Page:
Sundance is in full swing, and these next few days will be a weekend that some creatives will never forget. To start our tech coverage off, we first covered the cameras used on this year's Sundance projects.

And we found that Canon has made a mark on filmmakers, no matter the genre.

Now as we look at the lens choices Sundance-certified creatives made, our initial findings are further cemented as we see Canon is a favorite of Sundance filmmakers, most likely due to the popularity of the EF mount.

But let's dig in a bit deeper to discover more and see what filmmakers have said about their projects.

The Staying Power of EF

As in our previous article covering camera systems, our survey received responses from 47 out of 91 projects featured at this year's festival.

From that total, 43 different lens sets were used, with some projects using computer generated imagery or animation.

\u200bLenses of Sundance 2024

Lenses of Sundance 2024

When looking at our results, Canon seems to be the clear choice from the filmmakers who responded to the survey. Further analyzing of our results, it initially seems that Canon's popularity is due to the incredible popularity of the EF Mount.

Several projects used L-series lenses, vintage Canon primes, and zooms.

While this increase in Canon glass is mostly due to how many Canon cameras were used for this year's festival projects, Canon lenses were also used on RED cameras. In addition, some Canon cameras were paired with vintage Minolta and Leica lenses.

Following that, Cooke and Zeiss are neck and neck, with both brands being a popular choice amongst are surveyed filmmakers.

Full-frame anamorphic lenses from Cooke

Full-frame anamorphic lenses from Cooke

Cooke Optics

With Zeiss, both cinema lenses and photography lenses were used, showcasing the popularity and utility of the brand.

But as we look deeper, what's most interesting is now many different lens brands are being used—a total of 15 different lens companies.

What Sundance Filmmakers Had To Say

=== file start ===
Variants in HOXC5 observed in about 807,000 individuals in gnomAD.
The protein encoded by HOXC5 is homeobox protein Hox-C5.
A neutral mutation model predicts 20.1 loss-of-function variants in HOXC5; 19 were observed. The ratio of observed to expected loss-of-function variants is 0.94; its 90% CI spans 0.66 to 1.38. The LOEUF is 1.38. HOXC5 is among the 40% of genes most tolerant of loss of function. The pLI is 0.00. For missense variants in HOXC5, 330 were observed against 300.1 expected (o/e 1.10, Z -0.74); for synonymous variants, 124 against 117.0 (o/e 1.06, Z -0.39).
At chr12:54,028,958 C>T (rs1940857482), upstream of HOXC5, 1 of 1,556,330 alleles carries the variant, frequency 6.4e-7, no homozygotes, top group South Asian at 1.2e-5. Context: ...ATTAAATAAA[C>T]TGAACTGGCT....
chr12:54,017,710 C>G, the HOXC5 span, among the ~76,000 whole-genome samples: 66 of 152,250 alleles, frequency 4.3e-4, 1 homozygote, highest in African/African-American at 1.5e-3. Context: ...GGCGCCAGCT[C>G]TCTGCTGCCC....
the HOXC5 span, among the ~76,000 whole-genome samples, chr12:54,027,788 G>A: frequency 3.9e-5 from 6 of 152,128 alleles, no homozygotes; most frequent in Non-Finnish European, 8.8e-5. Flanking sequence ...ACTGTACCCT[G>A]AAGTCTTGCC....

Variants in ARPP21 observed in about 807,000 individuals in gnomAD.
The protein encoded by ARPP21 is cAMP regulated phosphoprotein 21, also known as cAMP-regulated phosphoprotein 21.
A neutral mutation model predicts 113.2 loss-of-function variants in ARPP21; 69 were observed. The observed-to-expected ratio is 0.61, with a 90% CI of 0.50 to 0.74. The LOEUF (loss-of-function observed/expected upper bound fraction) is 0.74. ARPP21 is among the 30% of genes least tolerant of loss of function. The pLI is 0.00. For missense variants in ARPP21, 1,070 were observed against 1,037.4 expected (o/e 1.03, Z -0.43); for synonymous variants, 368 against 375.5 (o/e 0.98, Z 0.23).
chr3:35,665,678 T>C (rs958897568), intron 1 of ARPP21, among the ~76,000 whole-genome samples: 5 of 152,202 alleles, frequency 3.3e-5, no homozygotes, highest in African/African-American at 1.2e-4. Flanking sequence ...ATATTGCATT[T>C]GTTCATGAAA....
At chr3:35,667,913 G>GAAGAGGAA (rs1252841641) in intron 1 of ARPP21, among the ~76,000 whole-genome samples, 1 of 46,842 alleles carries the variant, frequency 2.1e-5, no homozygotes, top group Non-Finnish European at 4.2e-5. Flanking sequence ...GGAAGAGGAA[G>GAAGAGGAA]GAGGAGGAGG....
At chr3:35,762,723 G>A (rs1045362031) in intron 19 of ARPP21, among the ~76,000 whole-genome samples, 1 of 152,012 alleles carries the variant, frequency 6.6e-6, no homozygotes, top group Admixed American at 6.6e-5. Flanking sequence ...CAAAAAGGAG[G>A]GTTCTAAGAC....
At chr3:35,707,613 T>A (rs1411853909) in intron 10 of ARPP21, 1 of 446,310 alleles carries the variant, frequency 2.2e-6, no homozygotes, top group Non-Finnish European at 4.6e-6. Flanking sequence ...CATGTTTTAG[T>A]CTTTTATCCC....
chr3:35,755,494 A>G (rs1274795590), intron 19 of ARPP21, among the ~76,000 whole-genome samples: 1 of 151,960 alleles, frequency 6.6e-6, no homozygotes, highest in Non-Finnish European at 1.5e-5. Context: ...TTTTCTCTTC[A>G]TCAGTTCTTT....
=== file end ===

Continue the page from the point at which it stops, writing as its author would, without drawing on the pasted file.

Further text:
'Every Little Thing'

Directed by Sally Aitken, this documentary follows a woman in Los Angeles who finds herself on a transformative journey as she nurtures wounded hummingbirds. For this project, the team used the RED Komodo and RED V-Raptor with a myriad of Canon glass.

From Canon CN-E prime to L-Series zooms, and Macro. The project also utilized the Phantom Flex for super high-rate footage.

"We love the RED ability to go to 6K giving us more scope to punch into shots in the edit," said producer Bettina Dalton. "The Phantom Flex allowed us to capture the mesmerizing flight of (hummingbirds) in a slo-mo speed that the audience could witness."

But shooting in 6K and high frame rates did come with its challenges.

"There will always be more data to wrangle then you estimate," Dalton said. "Either know your story beats to a tee before you start shooting, or you will shoot crazy amounts and try to deal with it in the edit. The data wrangling and creation of proxies and logging can create a false economy of scale rather than being spoilt for choice."

Still from \u200b'Every Little Thing\u200b'

Still from Every Little Thing

Courtesy of Sundance Institute


Another project that utilized the RED Komodo was Merman, a nonfiction short film directed, written, and produced by Sterling Hampton IV. This project focused on a 58-year-old Black Queer man who speaks the truth about his life as an emergency nurse, a leather enthusiast, husband, and civil rights advocate.

Yet, Hampton opted to pair the Komodo with vintage Minolta lenses.

"The Komodo is such a versatile camera body," Hampton said. "And because of its low profile form factor it’s a great run and shoot imaging device. I own the camera and have had a great experience with it. My DP’s Minolta lenses have a great look and add a lot of character to picture."

This setup gave the Merman team the ability to shoot quickly, with the whole project taking only 7 hours to film.

"We filmed the whole project in 7 hours in Palm Springs," Hampton said. "I sort of strategically only gave us a day of time to film in effort to strike up as much spontaneity as possible during the shoot."

\u200bStill from \u200bMerman

Still from Merman

Courtesy of Sundance Institute

'Eternal You'

Another project to utilize photography lenses was Eternal You, which is a documentary that explored startups that are using AI to create avatars which allow relatives to talk with their loved ones after they have died.

The project used a Sony FX3, FX9, and Canon C500, but mainly paired the cameras with Contax Zeiss photography lenses.

The movie was shot over years, but with all the innovation AI had gone through in 2023, the documentary quickly evolved.